From Oracle and AWS to Salesforce and HubSpot, many of the biggest SaaS brands owe a good part of their success to strategic channel partner sales programs. For each, channel partners serve as extended sales and marketing teams, service providers, and brand advocates. All that extra help can be key ingredients to lasting and sustained growth for your organization.

When SaaS companies use channel sales effectively, they position themselves to:  


  • Expand their footprint into new markets and regions
  • Get their products and services in front of new customers
  • Save significant money on distribution, hosting, etc.
  • Boost their company’s credibility and brand recognition
  • Take pressure off their internal sales teams
  • Offer a full suite of services and support for nuanced tech products
Get the Ultimate Guide to Maximizing Channel Sales

But not all channel sales programs are created equally. Each SaaS channel partner strategy will differ from the next, and in order to achieve all those benefits, you must make sure you have the right sales channel strategy in place. Here are the three most prominent models SaaS companies use:


1. Brokerage Channel Strategy

Best suited for simpler SaaS products, this model is similar to the relationship between an insurance agent and the insurance company. Insurance agents often bundle together multiple policies and add-ons, creating a customized solution based on the particular needs of each client. The same thing happens with this SaaS channel sales strategy.

Your product is at the forefront of options for brokers to bundle with others when customizing packages for their customer base.

For instance, your broker channel partner may work with hotels or restaurants and develop a software stack with all the best SaaS solutions, and yours could be the service of choice for their transaction management.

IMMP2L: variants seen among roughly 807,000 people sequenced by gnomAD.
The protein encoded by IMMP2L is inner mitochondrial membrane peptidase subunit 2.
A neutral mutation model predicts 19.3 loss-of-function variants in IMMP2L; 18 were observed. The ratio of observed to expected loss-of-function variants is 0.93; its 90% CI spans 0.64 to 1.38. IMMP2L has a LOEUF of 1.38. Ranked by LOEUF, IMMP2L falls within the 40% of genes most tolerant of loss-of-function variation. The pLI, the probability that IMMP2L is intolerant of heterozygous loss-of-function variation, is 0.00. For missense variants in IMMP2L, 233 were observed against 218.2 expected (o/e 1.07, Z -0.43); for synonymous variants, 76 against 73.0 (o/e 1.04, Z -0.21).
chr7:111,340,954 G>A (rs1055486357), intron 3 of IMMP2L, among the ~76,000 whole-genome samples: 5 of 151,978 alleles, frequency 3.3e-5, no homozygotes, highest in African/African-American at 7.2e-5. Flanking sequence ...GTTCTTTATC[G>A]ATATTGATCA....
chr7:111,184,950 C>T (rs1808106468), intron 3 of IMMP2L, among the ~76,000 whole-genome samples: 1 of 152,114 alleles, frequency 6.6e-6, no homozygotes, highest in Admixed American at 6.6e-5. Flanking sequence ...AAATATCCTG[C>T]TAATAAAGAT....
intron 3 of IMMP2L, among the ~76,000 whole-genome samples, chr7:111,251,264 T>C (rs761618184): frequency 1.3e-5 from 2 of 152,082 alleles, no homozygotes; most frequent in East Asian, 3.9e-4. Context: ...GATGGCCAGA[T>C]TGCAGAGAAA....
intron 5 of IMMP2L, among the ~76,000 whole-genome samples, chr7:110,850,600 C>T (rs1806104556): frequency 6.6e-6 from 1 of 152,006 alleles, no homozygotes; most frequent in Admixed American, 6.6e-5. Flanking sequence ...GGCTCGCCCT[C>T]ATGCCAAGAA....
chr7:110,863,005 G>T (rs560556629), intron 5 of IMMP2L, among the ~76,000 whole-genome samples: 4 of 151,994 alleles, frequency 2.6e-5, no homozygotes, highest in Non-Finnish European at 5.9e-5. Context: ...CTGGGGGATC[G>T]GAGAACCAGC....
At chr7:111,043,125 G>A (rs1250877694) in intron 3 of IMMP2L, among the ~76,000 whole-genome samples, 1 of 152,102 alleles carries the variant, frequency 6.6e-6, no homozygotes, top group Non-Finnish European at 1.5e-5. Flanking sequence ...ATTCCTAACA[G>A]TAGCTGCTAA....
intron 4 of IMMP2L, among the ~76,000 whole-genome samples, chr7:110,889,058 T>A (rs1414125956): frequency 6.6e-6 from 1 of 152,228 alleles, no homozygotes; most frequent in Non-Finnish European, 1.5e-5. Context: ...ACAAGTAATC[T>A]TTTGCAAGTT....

By partnering with a reseller who is focused on high-volume transactions and already selling products similar to yours, your SaaS point solution becomes an integral tool in their toolbox. The best part? Brokerage channel models will also offer basic support of your service to the end user.


2. Value Added Reseller (VAR) Strategy

When companies say they “sell through the channel,” it most often refers to a value-added reseller (VAR) channel sales strategy. VARs offer your full-service turnkey solution to the customer — often bundled with added features, integrations, and services.

VARs basically do it all:

  • Customize the software to the customer’s needs
  • Invoice the customer
  • Support the customer

Best with more complex and expensive SaaS solutions, this reseller model is commonly found with products such as cloud computing providers like AWS.

This model is also common in the cybersecurity industry, where cybersecurity firms resell various SaaS products alongside their services.

When your service is sold through a VAR, they will often pay you a royalty or license fee. 


3. Consultant/Developer Strategy

Sometimes called the ‘Application Developer’ model, the consultant/developer strategy is very similar to a value-added reseller approach.

Just like a VAR, the third-party channel partner works with customers to sell, customize, and service your SaaS solution to its customer network.

But unlike a VAR, these partners don’t technically sell your software. Your organization still invoices and directly supports the customer after the sale and implementation is complete.